The Photographic â€“ Pictures of a Changing World / 2008 Galaxia / 11 Tracks / http://www.myspace.com/thephotographic /
Many bands nowadays just go and dramatically enter their CD with a punchy and bombastic track. The Photographic do not do that with their â€œPictures of a Changing Worldâ€. Rather, during their â€œInceptionâ€, they create a very atmospheric track that singlehandedly sets the tone for the rest of the album. Thus, it is no surprise that â€œMillie Rode to Heaven on the Back of an Orcaâ€ draws heavily from â€œInceptionâ€. While the two tracks are very similar in regards to the general style of music that The Photographic play, a closer inspection is that they dramatically change up the specific sound from track to track. What is most interesting about â€œMillie Rode to Heavenâ€ is the fact that they are able to accurately create the sounds emitted by an Orca through their own instruments.
They finally kick into a dramatically different style in the mid-point of â€œMillieâ€, but do not enter into vocal-led music at any time during the track. The intensity of the band gradually increases to explain well their dramatic turn into a hard-hitting, emotionally-intense type of band. The Photographic are talented enough to keep individuals interested throughout their longest tracks (which they have stacked at the beginning of the album), so by the time they are going forth and cutting two and a half minute long tracks (â€œLost in a Daydreamâ€ and â€œBridge Runsâ€), individuals have already been inculcated with the style of The Photographic. The band reaches an entirely new plateau with â€œDirectionsâ€, a track that calls forth the spirit of â€œDisintegrationâ€-era Cure. Rather than just working off of that style, The Photographic are able to keep the composition current and put a little bit of The Polyphonic Spree and Coldplay into the mix. â€œPictures of a Changing Worldâ€ is perhaps the best instrumental albums since Ampline cut their first work about a half decade ago.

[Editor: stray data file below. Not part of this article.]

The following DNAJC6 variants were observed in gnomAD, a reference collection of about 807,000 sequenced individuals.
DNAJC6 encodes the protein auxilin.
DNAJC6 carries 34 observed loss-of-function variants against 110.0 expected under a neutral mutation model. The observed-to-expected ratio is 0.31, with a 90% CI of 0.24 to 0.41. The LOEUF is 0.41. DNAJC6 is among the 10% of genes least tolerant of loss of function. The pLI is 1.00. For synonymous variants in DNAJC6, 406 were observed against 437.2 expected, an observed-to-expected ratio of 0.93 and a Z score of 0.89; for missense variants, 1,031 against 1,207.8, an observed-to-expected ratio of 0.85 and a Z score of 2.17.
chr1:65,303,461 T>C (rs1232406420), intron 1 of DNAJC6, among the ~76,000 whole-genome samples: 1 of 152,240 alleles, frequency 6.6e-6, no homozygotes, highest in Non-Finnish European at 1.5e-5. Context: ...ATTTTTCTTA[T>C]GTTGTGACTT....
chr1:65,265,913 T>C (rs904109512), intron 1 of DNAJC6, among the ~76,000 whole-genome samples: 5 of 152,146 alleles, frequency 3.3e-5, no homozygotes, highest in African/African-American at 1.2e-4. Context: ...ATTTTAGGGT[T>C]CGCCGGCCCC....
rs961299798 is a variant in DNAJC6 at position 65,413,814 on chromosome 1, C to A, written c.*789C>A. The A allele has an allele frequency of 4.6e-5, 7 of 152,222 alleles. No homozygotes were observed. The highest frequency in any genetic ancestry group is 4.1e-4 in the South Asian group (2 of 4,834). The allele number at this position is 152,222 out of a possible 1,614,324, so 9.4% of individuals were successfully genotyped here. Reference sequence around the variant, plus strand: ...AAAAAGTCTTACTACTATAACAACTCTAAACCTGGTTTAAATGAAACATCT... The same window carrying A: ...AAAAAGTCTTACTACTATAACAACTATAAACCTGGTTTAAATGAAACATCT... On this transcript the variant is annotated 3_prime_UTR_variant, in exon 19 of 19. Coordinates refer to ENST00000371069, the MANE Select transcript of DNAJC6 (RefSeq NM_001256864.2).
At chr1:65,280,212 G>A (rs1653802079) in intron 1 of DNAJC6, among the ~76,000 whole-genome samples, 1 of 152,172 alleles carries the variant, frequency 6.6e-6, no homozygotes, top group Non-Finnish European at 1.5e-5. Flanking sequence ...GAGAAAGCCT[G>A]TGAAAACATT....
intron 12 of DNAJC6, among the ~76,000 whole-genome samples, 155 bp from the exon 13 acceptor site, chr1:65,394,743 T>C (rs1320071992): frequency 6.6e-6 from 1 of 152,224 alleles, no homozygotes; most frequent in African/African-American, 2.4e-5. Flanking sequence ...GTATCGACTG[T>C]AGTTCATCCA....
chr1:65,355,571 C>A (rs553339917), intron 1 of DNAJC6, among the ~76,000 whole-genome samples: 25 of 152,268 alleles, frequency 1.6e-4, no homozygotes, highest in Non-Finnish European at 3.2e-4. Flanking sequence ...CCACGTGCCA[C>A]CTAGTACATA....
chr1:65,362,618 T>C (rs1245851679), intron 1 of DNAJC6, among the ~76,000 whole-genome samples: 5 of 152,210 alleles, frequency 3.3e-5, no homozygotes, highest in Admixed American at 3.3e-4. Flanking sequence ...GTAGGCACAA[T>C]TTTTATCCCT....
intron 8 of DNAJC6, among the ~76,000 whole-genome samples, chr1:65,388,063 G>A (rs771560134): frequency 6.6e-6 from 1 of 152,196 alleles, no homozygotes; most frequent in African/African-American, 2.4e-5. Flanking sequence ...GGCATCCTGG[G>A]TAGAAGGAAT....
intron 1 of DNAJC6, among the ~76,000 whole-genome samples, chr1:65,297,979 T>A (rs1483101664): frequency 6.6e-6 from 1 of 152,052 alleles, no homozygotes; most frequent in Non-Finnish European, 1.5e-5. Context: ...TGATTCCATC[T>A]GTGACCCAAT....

It is hard to keep individuals interested in a vocal-less album, but that is exactly what The Photographic do here. The discâ€™s hour length lends itself well to continued listening. I am excited to hear where the band will go on subsequent albums, and how they have evolved in the two plus years of time that will elapse between â€œPictures of a Changing Worldâ€ and their new album. Pick it up wherever you can (even if it is from Galaxia directly).
Top Tracks: Glass Saviour, Secure